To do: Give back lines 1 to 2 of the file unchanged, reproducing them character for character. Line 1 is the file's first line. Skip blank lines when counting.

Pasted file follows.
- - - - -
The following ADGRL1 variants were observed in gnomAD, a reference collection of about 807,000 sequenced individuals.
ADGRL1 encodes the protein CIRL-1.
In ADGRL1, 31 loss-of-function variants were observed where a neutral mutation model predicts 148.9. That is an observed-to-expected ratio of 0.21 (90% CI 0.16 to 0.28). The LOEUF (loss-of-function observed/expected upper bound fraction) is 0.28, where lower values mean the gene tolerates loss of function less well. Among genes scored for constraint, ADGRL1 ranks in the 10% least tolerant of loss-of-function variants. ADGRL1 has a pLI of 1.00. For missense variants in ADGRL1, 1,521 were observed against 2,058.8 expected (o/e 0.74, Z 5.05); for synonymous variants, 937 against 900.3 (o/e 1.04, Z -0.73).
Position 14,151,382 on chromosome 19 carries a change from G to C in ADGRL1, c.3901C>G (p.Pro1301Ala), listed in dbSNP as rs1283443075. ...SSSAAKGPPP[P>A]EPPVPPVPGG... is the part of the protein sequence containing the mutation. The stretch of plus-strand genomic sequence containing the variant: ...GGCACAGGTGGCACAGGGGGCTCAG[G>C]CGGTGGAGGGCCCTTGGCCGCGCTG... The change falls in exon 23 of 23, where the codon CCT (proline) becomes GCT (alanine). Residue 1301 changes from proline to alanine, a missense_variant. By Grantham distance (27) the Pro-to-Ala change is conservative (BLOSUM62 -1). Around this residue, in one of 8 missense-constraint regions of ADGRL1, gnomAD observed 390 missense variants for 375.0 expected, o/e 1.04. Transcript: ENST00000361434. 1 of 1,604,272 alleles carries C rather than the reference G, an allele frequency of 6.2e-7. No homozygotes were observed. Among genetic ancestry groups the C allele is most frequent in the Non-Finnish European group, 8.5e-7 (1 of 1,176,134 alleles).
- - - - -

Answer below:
The following ADGRL1 variants were observed in gnomAD, a reference collection of about 807,000 sequenced individuals.
ADGRL1 encodes the protein CIRL-1.